While there are a variety of vishing methods, the most common have recently focused on stealing financial information or official IDs.
The phone has undergone a number of changes over the past few decades; starting with wires and now culminating in virtual options found in a device that can do so much more than just let you have voice chats with others.
But over the past few decades, regardless of how people have been using their phones, one thing has remained constant: scammers have used the medium to target unsuspecting victims.
For more than 30 years, vishing scams have been a dangerous (and surprisingly effective) method for attackers to target individuals and get them to hand over sensitive information. And despite attempts to educate the public about the dangers of vishing by a variety of law enforcement agencies, vishing remains one of the best ways for hackers to steal information. Here you will find more information about vishing, including some tips on how to protect yourself from the threat.
What is vishing?
Vishing is a long-standing technique used by hackers to trick unsuspecting victims through a voice call or voicemail. In vishing scenarios, someone claiming to be from a reputable organization or company that you know is actually a scammer trying to steal your information, funds, or other data.
To carry out the attack, the scammers call and misrepresent themselves. They then try to trick you into sharing your credit card number, government IDs, or other sensitive information that you wouldn’t otherwise share in a traditional setting.
Vishing vs. Phishing
If the term vishing sounds familiar, you’re likely familiar with the ubiquitous phishing scam. But unfortunately, vishing and phishing are decidedly different.
In fact, vishing can be considered a type of phishing, while phishing itself is a general term for a variety of attacks that aim to steal sensitive information. While vishing attacks focus solely on using voice to scam others, phishing scams can use a variety of methods, ranging from voice and text messages to emails and fake websites.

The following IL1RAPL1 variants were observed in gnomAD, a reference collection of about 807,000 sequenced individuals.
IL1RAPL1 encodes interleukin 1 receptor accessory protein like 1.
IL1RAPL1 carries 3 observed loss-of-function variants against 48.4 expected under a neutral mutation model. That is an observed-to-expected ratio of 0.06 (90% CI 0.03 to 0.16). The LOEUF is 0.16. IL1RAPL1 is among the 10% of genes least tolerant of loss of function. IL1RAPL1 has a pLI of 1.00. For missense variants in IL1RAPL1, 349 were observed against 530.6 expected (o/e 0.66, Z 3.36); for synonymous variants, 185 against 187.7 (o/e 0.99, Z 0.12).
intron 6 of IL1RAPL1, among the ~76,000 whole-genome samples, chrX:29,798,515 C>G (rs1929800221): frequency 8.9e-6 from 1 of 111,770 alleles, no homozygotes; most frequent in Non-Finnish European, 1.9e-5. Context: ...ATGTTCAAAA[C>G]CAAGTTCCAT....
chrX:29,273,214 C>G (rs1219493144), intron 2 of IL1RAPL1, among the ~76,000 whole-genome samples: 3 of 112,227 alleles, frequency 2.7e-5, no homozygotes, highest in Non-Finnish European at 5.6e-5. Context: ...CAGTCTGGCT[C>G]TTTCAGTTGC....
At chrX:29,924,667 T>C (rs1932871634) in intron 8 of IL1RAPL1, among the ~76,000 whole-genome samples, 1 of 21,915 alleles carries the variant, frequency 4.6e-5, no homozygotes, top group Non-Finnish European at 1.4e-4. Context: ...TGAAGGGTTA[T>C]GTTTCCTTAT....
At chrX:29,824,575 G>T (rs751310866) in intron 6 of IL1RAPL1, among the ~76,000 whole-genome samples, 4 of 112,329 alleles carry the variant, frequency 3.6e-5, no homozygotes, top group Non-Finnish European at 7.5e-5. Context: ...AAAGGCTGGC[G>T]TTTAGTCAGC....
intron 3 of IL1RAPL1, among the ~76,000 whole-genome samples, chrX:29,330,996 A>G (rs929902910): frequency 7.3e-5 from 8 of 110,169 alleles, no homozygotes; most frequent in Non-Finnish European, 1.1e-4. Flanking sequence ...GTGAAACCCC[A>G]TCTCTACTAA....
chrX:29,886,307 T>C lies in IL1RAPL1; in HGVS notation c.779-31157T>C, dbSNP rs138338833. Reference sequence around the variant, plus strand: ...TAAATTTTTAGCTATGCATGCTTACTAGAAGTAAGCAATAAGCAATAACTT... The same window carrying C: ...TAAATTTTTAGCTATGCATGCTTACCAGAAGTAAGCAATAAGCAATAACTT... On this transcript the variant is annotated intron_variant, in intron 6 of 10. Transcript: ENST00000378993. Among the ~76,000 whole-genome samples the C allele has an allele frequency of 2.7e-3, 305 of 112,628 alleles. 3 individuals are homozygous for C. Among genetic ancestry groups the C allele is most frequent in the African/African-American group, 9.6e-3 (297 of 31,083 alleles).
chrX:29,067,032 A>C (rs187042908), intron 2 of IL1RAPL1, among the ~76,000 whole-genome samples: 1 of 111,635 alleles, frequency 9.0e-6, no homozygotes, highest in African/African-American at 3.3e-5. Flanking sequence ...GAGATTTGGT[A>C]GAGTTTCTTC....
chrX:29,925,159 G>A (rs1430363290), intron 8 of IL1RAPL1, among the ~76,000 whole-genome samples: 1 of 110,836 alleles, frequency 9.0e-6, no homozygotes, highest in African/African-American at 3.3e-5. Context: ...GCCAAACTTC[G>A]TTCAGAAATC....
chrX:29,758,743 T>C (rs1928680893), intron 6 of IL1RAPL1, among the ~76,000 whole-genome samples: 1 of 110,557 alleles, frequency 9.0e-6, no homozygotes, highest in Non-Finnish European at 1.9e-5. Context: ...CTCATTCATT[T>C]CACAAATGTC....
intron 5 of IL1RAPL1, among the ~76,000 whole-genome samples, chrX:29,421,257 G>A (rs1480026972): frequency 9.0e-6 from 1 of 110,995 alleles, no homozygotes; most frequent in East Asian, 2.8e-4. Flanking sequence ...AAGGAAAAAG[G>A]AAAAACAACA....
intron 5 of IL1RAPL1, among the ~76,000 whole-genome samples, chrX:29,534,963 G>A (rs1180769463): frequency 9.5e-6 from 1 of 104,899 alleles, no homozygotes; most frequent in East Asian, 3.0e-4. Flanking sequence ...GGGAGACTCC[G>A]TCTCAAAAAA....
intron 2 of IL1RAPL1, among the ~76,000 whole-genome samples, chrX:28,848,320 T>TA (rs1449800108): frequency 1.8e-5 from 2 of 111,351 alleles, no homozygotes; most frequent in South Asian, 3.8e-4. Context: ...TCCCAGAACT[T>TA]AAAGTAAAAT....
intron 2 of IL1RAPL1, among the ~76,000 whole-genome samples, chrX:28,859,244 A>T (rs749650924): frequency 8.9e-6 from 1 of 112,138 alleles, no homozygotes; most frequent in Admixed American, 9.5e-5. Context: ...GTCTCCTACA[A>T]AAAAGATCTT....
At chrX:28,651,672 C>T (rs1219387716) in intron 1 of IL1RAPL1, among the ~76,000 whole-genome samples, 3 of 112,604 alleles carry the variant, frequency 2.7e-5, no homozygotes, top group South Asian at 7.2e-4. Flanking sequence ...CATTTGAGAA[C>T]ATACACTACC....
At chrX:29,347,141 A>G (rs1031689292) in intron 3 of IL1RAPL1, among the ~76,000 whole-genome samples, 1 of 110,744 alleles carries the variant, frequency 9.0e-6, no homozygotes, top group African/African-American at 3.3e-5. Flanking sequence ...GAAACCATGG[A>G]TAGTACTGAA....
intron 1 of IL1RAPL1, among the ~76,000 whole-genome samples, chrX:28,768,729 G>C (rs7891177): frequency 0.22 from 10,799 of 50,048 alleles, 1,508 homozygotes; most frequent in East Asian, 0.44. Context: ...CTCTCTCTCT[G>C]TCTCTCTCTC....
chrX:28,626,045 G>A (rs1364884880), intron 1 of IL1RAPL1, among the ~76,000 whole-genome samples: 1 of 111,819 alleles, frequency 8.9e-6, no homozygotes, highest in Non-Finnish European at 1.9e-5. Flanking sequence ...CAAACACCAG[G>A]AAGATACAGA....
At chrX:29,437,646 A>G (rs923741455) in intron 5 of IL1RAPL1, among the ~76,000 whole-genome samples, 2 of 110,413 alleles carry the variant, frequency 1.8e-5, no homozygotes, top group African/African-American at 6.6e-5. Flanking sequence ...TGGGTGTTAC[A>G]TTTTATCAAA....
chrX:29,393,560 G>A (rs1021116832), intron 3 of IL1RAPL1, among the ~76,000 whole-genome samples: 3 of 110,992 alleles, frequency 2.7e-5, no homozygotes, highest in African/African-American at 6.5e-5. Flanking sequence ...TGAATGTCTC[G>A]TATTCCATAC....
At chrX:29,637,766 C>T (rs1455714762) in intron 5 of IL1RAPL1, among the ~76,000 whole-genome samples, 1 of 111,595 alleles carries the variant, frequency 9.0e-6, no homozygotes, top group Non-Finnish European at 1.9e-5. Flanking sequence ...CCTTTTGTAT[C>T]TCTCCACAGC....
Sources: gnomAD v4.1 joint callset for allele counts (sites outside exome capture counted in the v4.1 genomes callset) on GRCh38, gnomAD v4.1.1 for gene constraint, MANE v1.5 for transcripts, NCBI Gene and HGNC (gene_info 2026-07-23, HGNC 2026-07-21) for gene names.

Other phishing scams exist, including targeted phishing, when a scammer targets a specific person or organization. Smishing is the term used when scammers use text messages to target you. There’s even whaling, a scam in which attackers target celebrities, politicians or other well-known people to blackmail them.
Regardless of the type of attack in question, phishing and vishing scams have the same goal in mind: to steal your information.
Common Types of Vishing Scams
While there are a variety of methods by which scammers use vishing, in recent years the most common have focused on stealing financial information or government IDs.
To carry out those attacks, scammers can engage in a technique called guard dialing that allows them to scan a large number of phone numbers and dial them in rapid succession to target as many people as possible. Remember: vishing is a numbers game and the vast majority of people will not fall for it. Therefore, the more people scammers can target, the better.
In a digital world, it may not be surprising that scammers have also used vishing with Voice over Internet Protocol (VoIP) services. Using VoIP, which provides phone service exclusively over the Internet, attackers can easily create a series of phone numbers to call others and disguise their identity while attacking victims.
Regardless, when these scammers call, they are often trying to find your credit card information or personally identifiable information. They then use that to steal your identity, drain your bank accounts, or otherwise scam you.
How to Protect Yourself Against Vishing scams?
So if vishing is such a big concern and it’s getting worse, how can you protect yourself? Fortunately, it’s not that difficult if you know what to look for.
The success of the vishing scam is ultimately based on your willingness to provide information. If you hand it over, you will be a victim of the attack. If you don’t, it will successfully avoid the threat.
So, more than anything, make sure you have a healthy dose of skepticism when you interact with someone who called you out. While anything is possible and the call could be genuine, if something doesn’t seem right, never share any information. It’s always best to hang up the phone, call the business or organization in question, and interact with someone you know who works at the organization you’ve contacted.
Of course, also stop sharing private information over the phone. In most cases, companies do not ask for that information. It should be the first sign that something is wrong. And if you get a voicemail from a scammer, instead of replying to that person directly at the number they provided, call the company to see if someone actually contacted you.